It's Saturday 21st October, and the show I’ve been helping promote for my magazine is edging toward the point when people are actually going to have to start playing. Mostly to each other. The assorted bands, journalists and deejays sit round the tables, gazes snagged on the hollow in the heart of the club. Candles flicker. I excuse myself into rain, a last minute run through pubs in immediate area. The flyers hit the tables and stay there. People who will not come (and would not like it if they did) look at me in my make-up and pass no comment.
Back at the venue and it’s time. There are just enough to fill the seats, but OMFG that awful sad space in front of the stage yawns open and empty. Lights ghost bare floorboards. Printed Circuit kick through the quiet and the candlelight like a pop-up window, zap thru a non-stop set of unbelievably compressed and melodically complex video game disco tracks, the speed and detail shaming more traditional dance music’s entirely predictable parade of single ideas. The headline act moves forward and fills space at the front, my editor joins her. I am welded to my chair, shamed and sober.
Simon Bookish is next, and sets the tone with a couple of spoken word pieces before the polite inertia of the mostly seated audience gives him something to get his teeth into. Strolling to his laptop, he announces his intention to change his ways as of now and play the eccentric pop with which he's become infamous in certain circles. He does this with a weary resignation and no small measure of disdain. Off comes the jacket revealing more naked back than I think anyone expected, and down goes Simon, an elegant sprawl of cultivated fury filtered through a haircut. He burns like an acid print, and concludes his performance in the centre of the floor where his admirers were supposed to be, inert, in no hurry to get up even as the applause dissolves, even through the silence.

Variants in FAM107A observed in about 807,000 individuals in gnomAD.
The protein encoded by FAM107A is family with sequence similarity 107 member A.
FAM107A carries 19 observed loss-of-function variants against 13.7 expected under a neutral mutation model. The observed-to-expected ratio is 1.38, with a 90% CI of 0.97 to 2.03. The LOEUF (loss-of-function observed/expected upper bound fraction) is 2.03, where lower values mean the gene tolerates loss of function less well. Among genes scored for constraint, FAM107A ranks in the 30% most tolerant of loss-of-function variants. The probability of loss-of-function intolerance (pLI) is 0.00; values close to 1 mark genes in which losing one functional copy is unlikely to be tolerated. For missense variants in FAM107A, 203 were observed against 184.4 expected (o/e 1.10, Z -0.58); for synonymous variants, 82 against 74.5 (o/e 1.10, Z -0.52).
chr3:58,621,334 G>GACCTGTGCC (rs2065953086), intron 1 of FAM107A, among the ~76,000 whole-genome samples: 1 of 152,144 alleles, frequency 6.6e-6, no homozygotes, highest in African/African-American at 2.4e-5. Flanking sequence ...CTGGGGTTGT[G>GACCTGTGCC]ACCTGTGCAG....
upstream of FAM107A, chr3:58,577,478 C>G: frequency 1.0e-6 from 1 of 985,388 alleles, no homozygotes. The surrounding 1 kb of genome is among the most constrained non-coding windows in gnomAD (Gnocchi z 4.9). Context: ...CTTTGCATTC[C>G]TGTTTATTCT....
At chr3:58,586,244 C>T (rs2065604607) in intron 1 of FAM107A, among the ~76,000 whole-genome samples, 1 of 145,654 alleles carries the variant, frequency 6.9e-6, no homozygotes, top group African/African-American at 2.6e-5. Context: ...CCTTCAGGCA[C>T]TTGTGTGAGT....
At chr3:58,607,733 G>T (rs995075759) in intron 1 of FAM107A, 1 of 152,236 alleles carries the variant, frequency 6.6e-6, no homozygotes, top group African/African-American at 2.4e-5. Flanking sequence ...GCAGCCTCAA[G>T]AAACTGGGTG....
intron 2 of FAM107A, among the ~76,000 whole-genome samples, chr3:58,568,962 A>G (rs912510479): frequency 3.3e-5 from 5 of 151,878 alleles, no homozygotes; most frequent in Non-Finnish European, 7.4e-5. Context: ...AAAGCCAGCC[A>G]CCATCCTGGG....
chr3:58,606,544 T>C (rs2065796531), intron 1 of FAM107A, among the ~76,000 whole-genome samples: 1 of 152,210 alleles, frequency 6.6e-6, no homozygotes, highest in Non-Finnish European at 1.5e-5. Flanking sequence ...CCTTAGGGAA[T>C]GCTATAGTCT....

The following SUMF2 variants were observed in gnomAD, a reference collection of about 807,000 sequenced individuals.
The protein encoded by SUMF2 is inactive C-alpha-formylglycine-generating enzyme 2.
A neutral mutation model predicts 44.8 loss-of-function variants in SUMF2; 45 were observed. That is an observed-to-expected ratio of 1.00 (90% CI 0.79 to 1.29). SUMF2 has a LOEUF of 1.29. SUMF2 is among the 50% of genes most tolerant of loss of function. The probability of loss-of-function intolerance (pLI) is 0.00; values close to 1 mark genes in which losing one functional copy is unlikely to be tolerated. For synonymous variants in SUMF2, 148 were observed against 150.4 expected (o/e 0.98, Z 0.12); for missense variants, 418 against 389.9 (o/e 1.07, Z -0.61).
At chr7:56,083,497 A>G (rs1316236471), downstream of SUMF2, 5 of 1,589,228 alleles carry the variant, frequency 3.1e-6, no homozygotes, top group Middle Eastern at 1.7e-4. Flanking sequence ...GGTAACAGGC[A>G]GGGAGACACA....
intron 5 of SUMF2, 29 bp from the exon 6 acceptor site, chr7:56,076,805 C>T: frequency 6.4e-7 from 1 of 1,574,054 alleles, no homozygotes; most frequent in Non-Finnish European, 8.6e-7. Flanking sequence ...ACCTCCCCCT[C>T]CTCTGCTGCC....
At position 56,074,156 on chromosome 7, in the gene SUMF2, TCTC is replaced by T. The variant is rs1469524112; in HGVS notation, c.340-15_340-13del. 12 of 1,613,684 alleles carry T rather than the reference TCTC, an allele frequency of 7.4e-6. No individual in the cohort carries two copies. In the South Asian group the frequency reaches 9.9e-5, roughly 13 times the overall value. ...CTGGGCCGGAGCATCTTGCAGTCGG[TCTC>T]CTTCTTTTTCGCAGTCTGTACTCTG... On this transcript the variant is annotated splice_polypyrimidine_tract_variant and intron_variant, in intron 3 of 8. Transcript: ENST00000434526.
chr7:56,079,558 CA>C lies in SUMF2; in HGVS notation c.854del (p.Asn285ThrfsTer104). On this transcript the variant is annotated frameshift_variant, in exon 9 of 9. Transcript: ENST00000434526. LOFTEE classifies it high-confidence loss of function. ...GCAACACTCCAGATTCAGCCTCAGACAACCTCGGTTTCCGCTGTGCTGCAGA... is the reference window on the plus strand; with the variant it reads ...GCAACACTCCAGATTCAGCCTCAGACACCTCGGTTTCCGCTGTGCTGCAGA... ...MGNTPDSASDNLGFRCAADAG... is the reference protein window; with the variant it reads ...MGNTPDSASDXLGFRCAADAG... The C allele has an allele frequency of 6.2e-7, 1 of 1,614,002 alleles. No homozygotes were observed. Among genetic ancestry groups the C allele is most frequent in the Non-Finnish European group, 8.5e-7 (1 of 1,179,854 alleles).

I sincerely didn’t know who the hell PlanningToRock was, but (forgive the easy journalese) she's difficult to miss and impossible to forget - white jumpsuit - check. White top hat - yup. Face painted white from nose to chin – well, of course. She mugs like a suspense thriller silhouette in front of films she's made of herself and switches between blueswoman growl and rock falsetto. And then she breaks the third wall into, like, a zillion pieces by announcing she comes from Bolton.
While I’m attempting to process that, Kevin Blechdom sidles into the spotlight, all cowboy hat and facepaint, the two dueting like good and bad cowgals in a backwoods radio station. When a slurred heckle of a man ambles onstage and pretends to play the keyboard, Kevy doesn’t skip a syllable, grabs a fistful of his shirt and casually dumps him sidestage. I march across to tick him off further, but it’s his last night in town and he’s drunk, apologetic, ‘moment of madness’ etc etc.
Speaking of which, Blechdom has taken her top off and is busy serenading an ox heart. She throws it into the crowd. They throw it back.
Most live shows are non-events, reverse-engineered rehearsals. They just make me bored and weary. This was messy and ridiculous and pretentious and dramatic, and they came from Germany and Manchester, from London and – famously – Bolton. But not from Brighton. No, not from Brighton.